How to get the x and y speed of swerve

l use WPILib to control my swerve and l want to get the x and y speed of my swerve in auto, how can l do that. In the teleop, it seems that l can get these two values from chassisspeed, but in auto, which uses setModulestates() to control. So, can l get the x and y speed from swervemodulestates. Or , is there any method to convert the swervemodulestate to the chassisspeed again so that the x and y value can ge got?

You can create module states using the swerve encoders and do the transition from module states to chassis speeds and then use the gyro to convert to field-oriented values.


Is this field-relative? How to get the field-relative one?

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The function generates robot-relative speeds, you will need to use trigonometry to convert the speeds.
I would start with combining the x and y speed to create your robot-relative speed vector, then rotate to be field-centric using the gyro angle and finally split it again to field-relative x and y speeds.


l think these two lines of code may solve the problem.

There is also ChassisSpeeds.fromFieldRelativeSpeeds that does this for you (by passing the reported gyro angle)


Thanks , l have found some bugs about how to get the field-relatie speed recently. Thats if l use the code below to get the field-relative speed, will the exceed the limit( The max speed a swerve can reach)

    vxMetersPerSecond =       

    vyMetersPerSecond =       

 SwerveDriveKinematics.desaturateWheelSpeeds(states, Constants.kMaxSpeed);

Since these two methods to get the field-relative speed are executed before the desaaturateWheelSpeeds, so will the vMeterpersecond and vyMeterpersecond exceed the max speed? l think it may, so how to avoid that?

Actually–are you trying to get field-relative speeds FROM robot-relative speeds?

If so, this is how we did it. I think 1706 did the same thing when they were doing shoot-on-the-fly stuff.

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Great! Thanks! Another little question, are the vxMeterpersecond and vyMeterpersecond in the Robot Coordinate system?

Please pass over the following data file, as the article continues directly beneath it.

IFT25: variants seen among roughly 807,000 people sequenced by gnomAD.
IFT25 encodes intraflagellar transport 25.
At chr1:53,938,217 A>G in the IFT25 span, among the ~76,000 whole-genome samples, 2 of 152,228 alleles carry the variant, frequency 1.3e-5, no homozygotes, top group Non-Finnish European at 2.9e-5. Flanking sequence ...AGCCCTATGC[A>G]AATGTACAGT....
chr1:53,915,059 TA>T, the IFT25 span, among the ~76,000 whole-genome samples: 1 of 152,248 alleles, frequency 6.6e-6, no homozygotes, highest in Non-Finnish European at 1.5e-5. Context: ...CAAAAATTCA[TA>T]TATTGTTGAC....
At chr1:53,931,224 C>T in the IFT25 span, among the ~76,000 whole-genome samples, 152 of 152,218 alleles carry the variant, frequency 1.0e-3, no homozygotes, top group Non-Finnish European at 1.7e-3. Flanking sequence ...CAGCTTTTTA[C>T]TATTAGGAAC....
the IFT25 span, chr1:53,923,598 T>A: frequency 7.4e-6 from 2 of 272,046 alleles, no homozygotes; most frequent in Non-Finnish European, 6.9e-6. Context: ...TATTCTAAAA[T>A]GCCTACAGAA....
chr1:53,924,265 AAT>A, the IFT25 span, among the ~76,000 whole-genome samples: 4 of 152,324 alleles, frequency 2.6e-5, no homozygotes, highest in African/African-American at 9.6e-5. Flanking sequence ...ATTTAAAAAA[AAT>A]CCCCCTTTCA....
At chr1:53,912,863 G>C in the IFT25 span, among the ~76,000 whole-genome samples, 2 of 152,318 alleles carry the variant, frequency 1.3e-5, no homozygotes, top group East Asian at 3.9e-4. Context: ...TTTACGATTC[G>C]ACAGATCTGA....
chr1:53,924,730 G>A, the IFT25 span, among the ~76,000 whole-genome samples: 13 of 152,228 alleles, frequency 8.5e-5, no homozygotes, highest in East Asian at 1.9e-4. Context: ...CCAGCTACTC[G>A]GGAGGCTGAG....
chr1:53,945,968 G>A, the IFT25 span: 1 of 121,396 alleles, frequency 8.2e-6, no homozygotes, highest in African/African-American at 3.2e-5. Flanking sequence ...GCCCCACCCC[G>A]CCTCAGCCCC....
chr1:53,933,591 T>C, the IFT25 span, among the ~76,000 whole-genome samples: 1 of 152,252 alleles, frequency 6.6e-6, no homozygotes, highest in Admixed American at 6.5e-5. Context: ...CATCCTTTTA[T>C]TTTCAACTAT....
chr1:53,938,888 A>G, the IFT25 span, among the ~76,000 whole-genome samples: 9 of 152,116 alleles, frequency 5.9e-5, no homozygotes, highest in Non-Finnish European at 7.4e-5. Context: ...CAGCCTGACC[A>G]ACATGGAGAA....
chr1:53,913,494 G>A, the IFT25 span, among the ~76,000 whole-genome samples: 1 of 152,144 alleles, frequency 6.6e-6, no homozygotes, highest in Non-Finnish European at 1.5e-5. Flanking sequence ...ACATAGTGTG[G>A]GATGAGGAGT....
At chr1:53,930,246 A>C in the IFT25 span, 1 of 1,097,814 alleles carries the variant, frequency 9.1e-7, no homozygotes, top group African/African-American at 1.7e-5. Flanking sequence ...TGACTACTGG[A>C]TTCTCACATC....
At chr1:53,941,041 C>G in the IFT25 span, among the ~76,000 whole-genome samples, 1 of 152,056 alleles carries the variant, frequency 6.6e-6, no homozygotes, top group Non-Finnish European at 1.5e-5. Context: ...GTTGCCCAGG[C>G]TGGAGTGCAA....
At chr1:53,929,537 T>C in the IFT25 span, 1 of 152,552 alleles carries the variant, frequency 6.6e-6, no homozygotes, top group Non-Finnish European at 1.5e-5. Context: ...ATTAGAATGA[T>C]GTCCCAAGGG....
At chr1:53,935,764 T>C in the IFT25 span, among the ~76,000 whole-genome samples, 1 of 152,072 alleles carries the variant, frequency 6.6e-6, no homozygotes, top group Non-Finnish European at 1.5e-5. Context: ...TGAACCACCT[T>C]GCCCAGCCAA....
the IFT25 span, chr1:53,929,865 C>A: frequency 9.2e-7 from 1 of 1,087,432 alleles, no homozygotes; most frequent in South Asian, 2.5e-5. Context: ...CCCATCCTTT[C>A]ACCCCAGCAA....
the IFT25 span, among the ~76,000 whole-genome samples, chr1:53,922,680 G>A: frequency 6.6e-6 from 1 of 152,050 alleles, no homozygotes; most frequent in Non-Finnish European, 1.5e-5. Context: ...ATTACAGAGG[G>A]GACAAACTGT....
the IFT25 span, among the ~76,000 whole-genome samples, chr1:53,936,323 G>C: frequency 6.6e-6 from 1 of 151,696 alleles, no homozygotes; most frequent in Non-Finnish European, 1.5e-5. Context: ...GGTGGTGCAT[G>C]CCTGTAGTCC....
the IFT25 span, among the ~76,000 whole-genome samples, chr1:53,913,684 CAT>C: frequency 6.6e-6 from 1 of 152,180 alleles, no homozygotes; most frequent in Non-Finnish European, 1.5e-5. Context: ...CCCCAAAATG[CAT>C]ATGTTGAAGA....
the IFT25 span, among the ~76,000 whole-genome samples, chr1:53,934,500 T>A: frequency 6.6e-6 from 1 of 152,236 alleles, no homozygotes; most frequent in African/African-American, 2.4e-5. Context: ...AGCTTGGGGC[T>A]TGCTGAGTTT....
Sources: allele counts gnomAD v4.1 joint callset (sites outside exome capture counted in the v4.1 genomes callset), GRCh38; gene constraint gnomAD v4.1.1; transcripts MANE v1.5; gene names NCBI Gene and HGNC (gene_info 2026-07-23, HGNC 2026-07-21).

I believe so; per the chassis speeds docs, positive vx is forward and positive vy is left. Pretty sure field-relative speeds use the field coordinate system? I’m not entirely sure, I’d ask a WPILib maintainer.

Thanks for replying! l think @calcmogul or other people may know whether field-relative speeds are in field coordinate system.

Yeah this is how we did it.

Created a field relative class to make it clear its not a “ChassisSpeed” anymore, although its similar. Apologize in advance if the formatting gets messed up.

public class FieldRelativeSpeed {
    public double vx;
    public double vy;
    public double omega;

public FieldRelativeSpeed(double vx, double vy, double omega) {
    this.vx = vx;
    this.vy = vy; = omega;

public FieldRelativeSpeed(ChassisSpeeds chassisSpeed, Rotation2d gyro) {
    this(chassisSpeed.vxMetersPerSecond * gyro.getCos() - chassisSpeed.vyMetersPerSecond * gyro.getSin(),
            chassisSpeed.vyMetersPerSecond * gyro.getCos() + chassisSpeed.vxMetersPerSecond * gyro.getSin(),

public FieldRelativeSpeed() {
    this.vx = 0.0;
    this.vy = 0.0; = 0.0;

Then in our Drivetrain subsystem we put the following in the periodic loop

m_fieldRelVel = new FieldRelativeSpeed(getChassisSpeed(), getGyro());

and added the getter function getFieldRelativeSpeed

public FieldRelativeSpeed getFieldRelativeSpeed() {
    return m_fieldRelVel;
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Unrelated to the thread, but how does your FieldRelativeAccel class look? I believe I saw it on your shoot while move thread and am interested in how you calculated it. Thanks!

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It’s basically (New-Old)/time. Although we did put a cap at 6m/s2 and 4rad/s^2 to help somewhat, once it worked pretty well we left it alone. This kinda just helped filter spikes that we knew weren’t possible but there is almost certainly a better way.

Hopefully by mid next week we will do a full code release. And will be doing a specific CAD release (first time our team has used onshape for a design) for the new simple turret gearbox for the Armabot Turret 240 that @Bigathedestroyer designed.

The way I thought of doing it would be (currentSpeeds - oldSpeeds) / 0.02 to account for the loop time and get to m/s^2–would your “time” variable be the loop time in the same way as my thought?

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Yes, we currently use .02 as a constant. This should be okay but in practice a Timer is probably better.

They do.